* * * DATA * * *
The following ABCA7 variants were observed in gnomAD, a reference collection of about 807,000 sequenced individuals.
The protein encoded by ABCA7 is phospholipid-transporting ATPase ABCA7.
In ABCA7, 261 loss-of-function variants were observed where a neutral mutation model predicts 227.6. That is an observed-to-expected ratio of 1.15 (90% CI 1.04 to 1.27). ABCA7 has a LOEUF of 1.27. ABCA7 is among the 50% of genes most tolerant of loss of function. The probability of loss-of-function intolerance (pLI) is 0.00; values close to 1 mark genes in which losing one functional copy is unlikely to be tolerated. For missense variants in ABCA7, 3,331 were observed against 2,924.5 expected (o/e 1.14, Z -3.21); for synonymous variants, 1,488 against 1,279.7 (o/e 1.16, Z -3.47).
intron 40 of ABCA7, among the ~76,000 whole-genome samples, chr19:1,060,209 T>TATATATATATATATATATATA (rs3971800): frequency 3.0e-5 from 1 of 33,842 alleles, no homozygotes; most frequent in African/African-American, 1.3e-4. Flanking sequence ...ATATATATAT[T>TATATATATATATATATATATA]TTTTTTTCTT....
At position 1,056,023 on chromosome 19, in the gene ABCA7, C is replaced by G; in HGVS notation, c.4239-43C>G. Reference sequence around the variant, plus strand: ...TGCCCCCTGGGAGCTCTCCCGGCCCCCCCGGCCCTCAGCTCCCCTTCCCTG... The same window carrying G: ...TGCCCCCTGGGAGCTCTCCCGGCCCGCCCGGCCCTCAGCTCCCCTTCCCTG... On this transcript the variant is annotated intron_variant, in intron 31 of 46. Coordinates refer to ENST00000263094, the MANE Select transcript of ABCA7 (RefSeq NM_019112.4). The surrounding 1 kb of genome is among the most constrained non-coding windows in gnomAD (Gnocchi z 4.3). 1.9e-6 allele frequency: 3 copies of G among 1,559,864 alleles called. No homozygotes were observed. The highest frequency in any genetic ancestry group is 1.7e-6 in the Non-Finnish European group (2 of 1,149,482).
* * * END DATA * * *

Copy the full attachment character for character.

The following ABCA7 variants were observed in gnomAD, a reference collection of about 807,000 sequenced individuals.
The protein encoded by ABCA7 is phospholipid-transporting ATPase ABCA7.
In ABCA7, 261 loss-of-function variants were observed where a neutral mutation model predicts 227.6. That is an observed-to-expected ratio of 1.15 (90% CI 1.04 to 1.27). ABCA7 has a LOEUF of 1.27. ABCA7 is among the 50% of genes most tolerant of loss of function. The probability of loss-of-function intolerance (pLI) is 0.00; values close to 1 mark genes in which losing one functional copy is unlikely to be tolerated. For missense variants in ABCA7, 3,331 were observed against 2,924.5 expected (o/e 1.14, Z -3.21); for synonymous variants, 1,488 against 1,279.7 (o/e 1.16, Z -3.47).
intron 40 of ABCA7, among the ~76,000 whole-genome samples, chr19:1,060,209 T>TATATATATATATATATATATA (rs3971800): frequency 3.0e-5 from 1 of 33,842 alleles, no homozygotes; most frequent in African/African-American, 1.3e-4. Flanking sequence ...ATATATATAT[T>TATATATATATATATATATATA]TTTTTTTCTT....
At position 1,056,023 on chromosome 19, in the gene ABCA7, C is replaced by G; in HGVS notation, c.4239-43C>G. Reference sequence around the variant, plus strand: ...TGCCCCCTGGGAGCTCTCCCGGCCCCCCCGGCCCTCAGCTCCCCTTCCCTG... The same window carrying G: ...TGCCCCCTGGGAGCTCTCCCGGCCCGCCCGGCCCTCAGCTCCCCTTCCCTG... On this transcript the variant is annotated intron_variant, in intron 31 of 46. Coordinates refer to ENST00000263094, the MANE Select transcript of ABCA7 (RefSeq NM_019112.4). The surrounding 1 kb of genome is among the most constrained non-coding windows in gnomAD (Gnocchi z 4.3). 1.9e-6 allele frequency: 3 copies of G among 1,559,864 alleles called. No homozygotes were observed. The highest frequency in any genetic ancestry group is 1.7e-6 in the Non-Finnish European group (2 of 1,149,482).